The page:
So are the stimulus bills circulating on Capitol Hill good for small business? Well, yeah. Hundreds of billions of dollars in new government spending will reach small firms, either directly in federal contracts or indirectly as this money makes its way through the economy. Moreover, there are specific tax credits and treatments for investment in clean or conserved energy, and broadband deployment. (In this latter case, the Senate proposes tax credits; the House offers grants.)
But there’s more for business to like in the Senate bill. As a service to its readers, the Entrepreneurial Agenda compares the business tax and finance offerings from each chamber. Of course, the Senate hasn’t actually passed its version yet; so far, only a couple of powerful committee chairmen (and maybe a couple of ranking Republicans) have had their hand in this. But here’s what the Senate is considering today.
We’ll start with the tax provisions. Both the House and Senate giveth—and, in one instance, taketh away. But the Senate giveth more.
•Investment credits: Both houses extend the generous bonus depreciation terms included in the 2008 stimulus through 2010. The Senate further allows firms to accelerate alternative minimum tax or research credits instead of taking bonus depreciation, and includes film or videotape as property that qualifies for the depreciation. (The Agenda wonders: who bought that perk?) Both houses extend the generous 2008 stimulus provisions for Section 179 expensing through 2009.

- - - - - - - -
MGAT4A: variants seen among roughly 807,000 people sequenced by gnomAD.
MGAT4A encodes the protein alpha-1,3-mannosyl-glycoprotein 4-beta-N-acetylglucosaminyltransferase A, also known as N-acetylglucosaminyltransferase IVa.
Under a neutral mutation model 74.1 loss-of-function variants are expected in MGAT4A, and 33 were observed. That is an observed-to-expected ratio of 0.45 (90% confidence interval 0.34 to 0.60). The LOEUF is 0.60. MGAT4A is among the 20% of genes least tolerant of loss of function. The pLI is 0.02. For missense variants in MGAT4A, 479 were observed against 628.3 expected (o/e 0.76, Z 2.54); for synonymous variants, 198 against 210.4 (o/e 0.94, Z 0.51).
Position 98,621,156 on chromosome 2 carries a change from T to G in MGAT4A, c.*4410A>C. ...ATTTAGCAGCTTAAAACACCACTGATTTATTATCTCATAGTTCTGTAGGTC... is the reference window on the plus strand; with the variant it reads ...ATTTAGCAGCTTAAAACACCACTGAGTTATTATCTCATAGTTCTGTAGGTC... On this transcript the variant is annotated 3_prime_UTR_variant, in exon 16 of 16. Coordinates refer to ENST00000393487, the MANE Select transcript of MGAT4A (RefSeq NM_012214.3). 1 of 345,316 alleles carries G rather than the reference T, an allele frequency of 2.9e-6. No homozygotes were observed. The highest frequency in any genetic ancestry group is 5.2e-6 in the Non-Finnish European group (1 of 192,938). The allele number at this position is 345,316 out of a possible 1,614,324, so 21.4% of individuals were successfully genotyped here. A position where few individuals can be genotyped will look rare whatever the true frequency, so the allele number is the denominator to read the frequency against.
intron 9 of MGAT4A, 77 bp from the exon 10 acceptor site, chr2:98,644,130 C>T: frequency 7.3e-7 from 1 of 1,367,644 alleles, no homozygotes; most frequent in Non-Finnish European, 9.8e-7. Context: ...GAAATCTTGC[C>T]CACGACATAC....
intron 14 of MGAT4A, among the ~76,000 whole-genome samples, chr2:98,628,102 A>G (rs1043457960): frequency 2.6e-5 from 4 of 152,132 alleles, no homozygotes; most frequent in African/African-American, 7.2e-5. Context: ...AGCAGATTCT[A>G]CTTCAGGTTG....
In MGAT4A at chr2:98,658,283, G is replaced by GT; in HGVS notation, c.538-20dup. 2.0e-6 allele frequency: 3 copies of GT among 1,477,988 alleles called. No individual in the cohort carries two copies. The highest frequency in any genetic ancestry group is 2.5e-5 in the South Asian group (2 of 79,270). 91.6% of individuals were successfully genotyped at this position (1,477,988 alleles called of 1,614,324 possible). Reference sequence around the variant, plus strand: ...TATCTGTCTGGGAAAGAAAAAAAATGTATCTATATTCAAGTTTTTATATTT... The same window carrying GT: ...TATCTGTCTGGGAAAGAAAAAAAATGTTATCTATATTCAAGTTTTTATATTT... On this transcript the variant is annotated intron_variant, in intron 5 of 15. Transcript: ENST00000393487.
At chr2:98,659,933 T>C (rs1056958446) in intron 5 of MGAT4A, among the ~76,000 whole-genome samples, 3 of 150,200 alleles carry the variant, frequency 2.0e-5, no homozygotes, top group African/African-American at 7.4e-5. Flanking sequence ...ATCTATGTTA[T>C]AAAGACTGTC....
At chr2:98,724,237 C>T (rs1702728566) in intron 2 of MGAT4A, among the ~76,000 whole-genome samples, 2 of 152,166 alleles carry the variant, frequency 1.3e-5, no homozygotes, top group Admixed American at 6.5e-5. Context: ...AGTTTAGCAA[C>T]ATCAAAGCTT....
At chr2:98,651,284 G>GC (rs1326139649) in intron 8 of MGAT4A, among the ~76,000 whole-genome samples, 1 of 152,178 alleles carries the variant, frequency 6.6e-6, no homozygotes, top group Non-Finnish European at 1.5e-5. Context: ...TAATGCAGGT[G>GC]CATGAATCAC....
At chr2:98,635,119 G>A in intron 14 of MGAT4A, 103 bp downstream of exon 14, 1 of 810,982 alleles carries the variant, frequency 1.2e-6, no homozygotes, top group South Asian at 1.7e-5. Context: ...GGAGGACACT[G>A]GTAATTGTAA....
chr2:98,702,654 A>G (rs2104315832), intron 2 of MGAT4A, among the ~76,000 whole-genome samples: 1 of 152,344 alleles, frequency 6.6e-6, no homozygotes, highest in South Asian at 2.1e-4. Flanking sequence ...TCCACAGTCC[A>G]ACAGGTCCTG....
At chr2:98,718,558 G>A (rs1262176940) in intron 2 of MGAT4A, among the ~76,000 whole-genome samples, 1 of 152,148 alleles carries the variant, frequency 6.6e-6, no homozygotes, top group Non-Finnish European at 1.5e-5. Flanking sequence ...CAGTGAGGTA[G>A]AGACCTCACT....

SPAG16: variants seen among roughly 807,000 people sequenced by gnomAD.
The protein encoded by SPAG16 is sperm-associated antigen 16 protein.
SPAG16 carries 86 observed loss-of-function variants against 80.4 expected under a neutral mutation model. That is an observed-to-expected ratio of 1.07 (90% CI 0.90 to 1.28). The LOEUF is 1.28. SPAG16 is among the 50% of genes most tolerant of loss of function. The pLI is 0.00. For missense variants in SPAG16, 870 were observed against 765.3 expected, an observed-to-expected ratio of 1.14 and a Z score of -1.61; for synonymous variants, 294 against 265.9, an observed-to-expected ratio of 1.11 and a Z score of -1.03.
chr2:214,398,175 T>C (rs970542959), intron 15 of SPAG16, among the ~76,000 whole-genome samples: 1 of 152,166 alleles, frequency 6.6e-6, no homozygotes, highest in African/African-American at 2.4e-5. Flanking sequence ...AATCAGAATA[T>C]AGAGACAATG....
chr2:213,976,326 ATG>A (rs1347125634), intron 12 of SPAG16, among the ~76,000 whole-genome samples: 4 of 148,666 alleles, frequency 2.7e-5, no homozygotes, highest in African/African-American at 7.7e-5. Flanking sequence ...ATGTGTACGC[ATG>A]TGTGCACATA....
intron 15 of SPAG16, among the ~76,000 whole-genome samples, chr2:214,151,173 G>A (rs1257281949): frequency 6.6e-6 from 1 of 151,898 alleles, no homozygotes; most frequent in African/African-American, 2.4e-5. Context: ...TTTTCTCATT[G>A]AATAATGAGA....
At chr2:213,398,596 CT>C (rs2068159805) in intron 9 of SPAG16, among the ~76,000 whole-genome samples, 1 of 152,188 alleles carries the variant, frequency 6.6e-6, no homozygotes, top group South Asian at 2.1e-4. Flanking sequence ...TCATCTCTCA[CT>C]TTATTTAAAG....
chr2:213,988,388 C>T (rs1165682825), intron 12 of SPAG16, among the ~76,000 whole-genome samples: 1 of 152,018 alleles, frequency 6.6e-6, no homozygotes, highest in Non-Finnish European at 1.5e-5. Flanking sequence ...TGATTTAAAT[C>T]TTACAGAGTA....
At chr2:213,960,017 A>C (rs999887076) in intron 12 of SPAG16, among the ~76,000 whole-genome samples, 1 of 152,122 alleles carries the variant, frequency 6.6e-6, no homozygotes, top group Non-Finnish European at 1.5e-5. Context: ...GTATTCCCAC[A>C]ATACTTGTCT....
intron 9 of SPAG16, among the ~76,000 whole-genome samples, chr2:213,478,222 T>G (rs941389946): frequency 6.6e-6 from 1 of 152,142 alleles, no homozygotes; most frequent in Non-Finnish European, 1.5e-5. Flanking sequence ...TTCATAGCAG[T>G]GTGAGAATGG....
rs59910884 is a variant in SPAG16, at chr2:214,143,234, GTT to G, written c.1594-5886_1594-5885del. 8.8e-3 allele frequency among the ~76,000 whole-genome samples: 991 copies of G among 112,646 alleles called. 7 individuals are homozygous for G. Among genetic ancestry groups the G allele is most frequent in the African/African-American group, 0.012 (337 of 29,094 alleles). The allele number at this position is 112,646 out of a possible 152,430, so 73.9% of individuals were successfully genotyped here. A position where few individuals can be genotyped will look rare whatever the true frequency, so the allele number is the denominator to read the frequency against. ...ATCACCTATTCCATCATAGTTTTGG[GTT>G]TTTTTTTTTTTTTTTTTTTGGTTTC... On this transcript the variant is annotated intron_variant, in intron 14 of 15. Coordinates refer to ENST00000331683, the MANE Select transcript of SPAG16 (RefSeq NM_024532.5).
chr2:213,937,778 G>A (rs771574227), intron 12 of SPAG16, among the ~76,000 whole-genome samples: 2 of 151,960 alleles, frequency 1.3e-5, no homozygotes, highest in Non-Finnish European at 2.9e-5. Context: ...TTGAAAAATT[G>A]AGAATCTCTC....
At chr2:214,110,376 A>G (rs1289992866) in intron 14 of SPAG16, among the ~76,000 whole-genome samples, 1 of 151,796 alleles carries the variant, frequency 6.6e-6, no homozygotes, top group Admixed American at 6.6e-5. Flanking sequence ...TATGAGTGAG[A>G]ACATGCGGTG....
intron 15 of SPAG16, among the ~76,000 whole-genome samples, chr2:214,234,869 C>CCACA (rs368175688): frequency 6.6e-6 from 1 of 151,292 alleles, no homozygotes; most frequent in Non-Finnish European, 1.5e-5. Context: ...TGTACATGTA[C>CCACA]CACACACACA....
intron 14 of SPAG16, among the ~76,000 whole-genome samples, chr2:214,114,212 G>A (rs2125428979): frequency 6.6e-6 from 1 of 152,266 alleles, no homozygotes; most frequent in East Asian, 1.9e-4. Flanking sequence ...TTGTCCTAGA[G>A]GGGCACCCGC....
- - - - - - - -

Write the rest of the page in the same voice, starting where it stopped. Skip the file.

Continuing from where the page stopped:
•Loss carryback: Both houses would allow firms to carry back net operating losses incurred in 2008 or 2009 three to five years and offset profits in those years. The House version limits the maneuver to just 90 percent* of the losses in each year; the Senate contains no such limitation. Life insurance companies get special rules, and, thankfully, institutions participating in the bailout are excluded altogether.
•Work Opportunity Tax Credit: Both houses extend, through 2010, this tax credit for hiring disadvantaged people to include unemployed veterans and unemployed young people who’ve dropped out of school and lack basic skills.
Finally, both Houses would effectively repeal the special IRS rule widely regarded as a giveaway to banks to facilitate mergers. Unless the deal was struck or consummated by January 16th, your bank is out of luck.
In addition, the Senate is considering a bunch of additional provisions dreamed up by Finance Committee chairman Max Baucus that small businesses, especially, might find appealing.
Read the Rest at: Inc. The Entrepreneural Agenda by Robb Mandelbaum